Tom Keighley

Europe has a "strong hand to play"

Europe’s businesses are facing a “crisis of confidence” a European Commission (EC) senior told Bdaily this week.

Speaking off-the-record, the EC senior said Europe had a strong hand to play, but must regain its confidence.

Brussels’ industrial strategy must focus on the Real Economy in order to restore growth and confidence, he added.

“We are not going to find success in the old models of subsidies and picking winners and losers,” the EC senior said, but emphasised that investment in ‘close-to-the-market’ research was crucial to competitiveness.

He added: “Companies and consumers are less confident than ever before. Brussels does not pretend to have the magic solution, but last year we launched a public consultation with 350 responses from member states, stakeholders, SMEs and industry organisations.”

The consultation identified four key challenges, including lack of investment; lack of market opportunities; lack of access to finance; and a lack of skills.

The Commission’s “Mission for Growth” policy aims to replicate growth seen across Asia, the US and Latin America, following the financial crisis of 2008 and its impact on the real economy.

Six areas of the economy have been selected to focus the EC’s instruments of growth, including Advanced Manufacturing Technologies; Key Enabling Technologies; clean vehicles; sustainable construction; smart grids; and the value economy.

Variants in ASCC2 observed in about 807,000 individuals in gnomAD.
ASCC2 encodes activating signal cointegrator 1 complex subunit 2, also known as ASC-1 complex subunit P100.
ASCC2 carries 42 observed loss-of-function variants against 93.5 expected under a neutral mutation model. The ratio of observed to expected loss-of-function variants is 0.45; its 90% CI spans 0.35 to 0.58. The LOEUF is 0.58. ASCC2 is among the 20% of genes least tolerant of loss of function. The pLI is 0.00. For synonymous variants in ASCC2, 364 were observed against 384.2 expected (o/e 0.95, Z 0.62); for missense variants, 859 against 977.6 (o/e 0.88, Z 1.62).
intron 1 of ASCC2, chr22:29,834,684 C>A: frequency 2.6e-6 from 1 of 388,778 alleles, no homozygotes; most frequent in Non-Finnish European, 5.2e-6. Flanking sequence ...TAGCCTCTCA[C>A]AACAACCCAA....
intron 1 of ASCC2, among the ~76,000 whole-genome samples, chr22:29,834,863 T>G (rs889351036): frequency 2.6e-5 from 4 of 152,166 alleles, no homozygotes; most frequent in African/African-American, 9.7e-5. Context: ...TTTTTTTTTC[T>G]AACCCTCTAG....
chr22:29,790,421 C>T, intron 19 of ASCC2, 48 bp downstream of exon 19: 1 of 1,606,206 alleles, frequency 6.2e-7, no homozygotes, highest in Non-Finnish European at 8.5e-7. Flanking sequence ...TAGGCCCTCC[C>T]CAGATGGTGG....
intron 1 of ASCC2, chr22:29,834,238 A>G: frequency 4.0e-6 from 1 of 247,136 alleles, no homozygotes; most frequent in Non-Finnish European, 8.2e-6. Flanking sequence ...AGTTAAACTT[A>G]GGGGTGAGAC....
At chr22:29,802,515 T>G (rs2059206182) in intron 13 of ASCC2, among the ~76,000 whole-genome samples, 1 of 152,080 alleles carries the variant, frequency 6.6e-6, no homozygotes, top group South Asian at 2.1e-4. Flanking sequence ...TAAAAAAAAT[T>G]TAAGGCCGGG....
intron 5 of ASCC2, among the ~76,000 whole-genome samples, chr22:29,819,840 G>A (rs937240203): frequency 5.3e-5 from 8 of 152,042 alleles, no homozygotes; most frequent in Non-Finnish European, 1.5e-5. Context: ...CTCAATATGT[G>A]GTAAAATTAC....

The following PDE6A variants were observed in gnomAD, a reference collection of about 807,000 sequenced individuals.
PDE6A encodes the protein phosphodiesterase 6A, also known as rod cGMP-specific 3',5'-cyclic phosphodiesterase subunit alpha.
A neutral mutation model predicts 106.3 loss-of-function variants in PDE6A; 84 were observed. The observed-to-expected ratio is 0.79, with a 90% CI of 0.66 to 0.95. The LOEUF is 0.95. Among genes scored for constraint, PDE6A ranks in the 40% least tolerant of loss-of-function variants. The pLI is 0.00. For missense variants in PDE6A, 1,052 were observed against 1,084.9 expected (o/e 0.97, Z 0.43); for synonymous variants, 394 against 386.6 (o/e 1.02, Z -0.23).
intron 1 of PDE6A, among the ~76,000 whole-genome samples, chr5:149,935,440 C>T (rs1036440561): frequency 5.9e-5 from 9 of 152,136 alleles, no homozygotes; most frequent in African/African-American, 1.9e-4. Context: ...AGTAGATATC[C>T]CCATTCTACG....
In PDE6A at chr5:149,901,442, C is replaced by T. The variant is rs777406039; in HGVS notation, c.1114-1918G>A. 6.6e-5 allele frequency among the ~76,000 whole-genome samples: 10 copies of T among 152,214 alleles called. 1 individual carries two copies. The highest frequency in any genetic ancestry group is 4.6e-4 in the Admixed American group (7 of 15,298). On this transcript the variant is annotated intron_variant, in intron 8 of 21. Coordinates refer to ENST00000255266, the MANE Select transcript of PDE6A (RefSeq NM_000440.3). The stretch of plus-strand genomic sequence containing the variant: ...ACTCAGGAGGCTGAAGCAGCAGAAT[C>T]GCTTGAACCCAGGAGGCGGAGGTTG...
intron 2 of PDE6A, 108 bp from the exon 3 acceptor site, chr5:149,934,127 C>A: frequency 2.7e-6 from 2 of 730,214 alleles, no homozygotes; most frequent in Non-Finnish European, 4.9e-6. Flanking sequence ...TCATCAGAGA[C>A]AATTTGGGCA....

For example, Key Enabling Technologies, such as nanotechnology, biotechnology and photonics, will create a market estimated to be worth €1 trillion by 2015, accounting for 8% of EU GDP.

The EC senior said Europe is pioneering in many of these fields and holds large proportions of the patents, but fails to convert this prowess as there is “too much research and too little commercialisation.”

Development of free trade agreements with other international markets will also be integral to the EU’s success it was noted, particularly the advancement of transatlantic frameworks.

Turning to defence, the EC senior suggested Europe was spending more on the sector than China, Russia and India together, but was “spending badly.” A big “push” on defence from the European Council is expected in October.

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